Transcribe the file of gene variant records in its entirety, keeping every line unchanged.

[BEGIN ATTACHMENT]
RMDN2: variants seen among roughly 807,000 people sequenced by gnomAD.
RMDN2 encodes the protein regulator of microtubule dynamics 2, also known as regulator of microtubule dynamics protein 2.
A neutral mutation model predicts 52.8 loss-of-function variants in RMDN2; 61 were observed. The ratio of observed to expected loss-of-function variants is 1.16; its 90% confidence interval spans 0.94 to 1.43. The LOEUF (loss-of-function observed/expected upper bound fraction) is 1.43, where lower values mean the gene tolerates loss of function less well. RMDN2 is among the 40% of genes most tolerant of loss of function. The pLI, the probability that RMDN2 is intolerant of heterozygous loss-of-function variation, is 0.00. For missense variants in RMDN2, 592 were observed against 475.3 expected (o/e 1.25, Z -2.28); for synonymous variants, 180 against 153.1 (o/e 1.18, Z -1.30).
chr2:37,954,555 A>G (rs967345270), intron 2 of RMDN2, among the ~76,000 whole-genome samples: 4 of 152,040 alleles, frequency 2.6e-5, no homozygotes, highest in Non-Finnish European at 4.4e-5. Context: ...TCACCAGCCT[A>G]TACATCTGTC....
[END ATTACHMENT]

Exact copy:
RMDN2: variants seen among roughly 807,000 people sequenced by gnomAD.
RMDN2 encodes the protein regulator of microtubule dynamics 2, also known as regulator of microtubule dynamics protein 2.
A neutral mutation model predicts 52.8 loss-of-function variants in RMDN2; 61 were observed. The ratio of observed to expected loss-of-function variants is 1.16; its 90% confidence interval spans 0.94 to 1.43. The LOEUF (loss-of-function observed/expected upper bound fraction) is 1.43, where lower values mean the gene tolerates loss of function less well. RMDN2 is among the 40% of genes most tolerant of loss of function. The pLI, the probability that RMDN2 is intolerant of heterozygous loss-of-function variation, is 0.00. For missense variants in RMDN2, 592 were observed against 475.3 expected (o/e 1.25, Z -2.28); for synonymous variants, 180 against 153.1 (o/e 1.18, Z -1.30).
chr2:37,954,555 A>G (rs967345270), intron 2 of RMDN2, among the ~76,000 whole-genome samples: 4 of 152,040 alleles, frequency 2.6e-5, no homozygotes, highest in Non-Finnish European at 4.4e-5. Context: ...TCACCAGCCT[A>G]TACATCTGTC....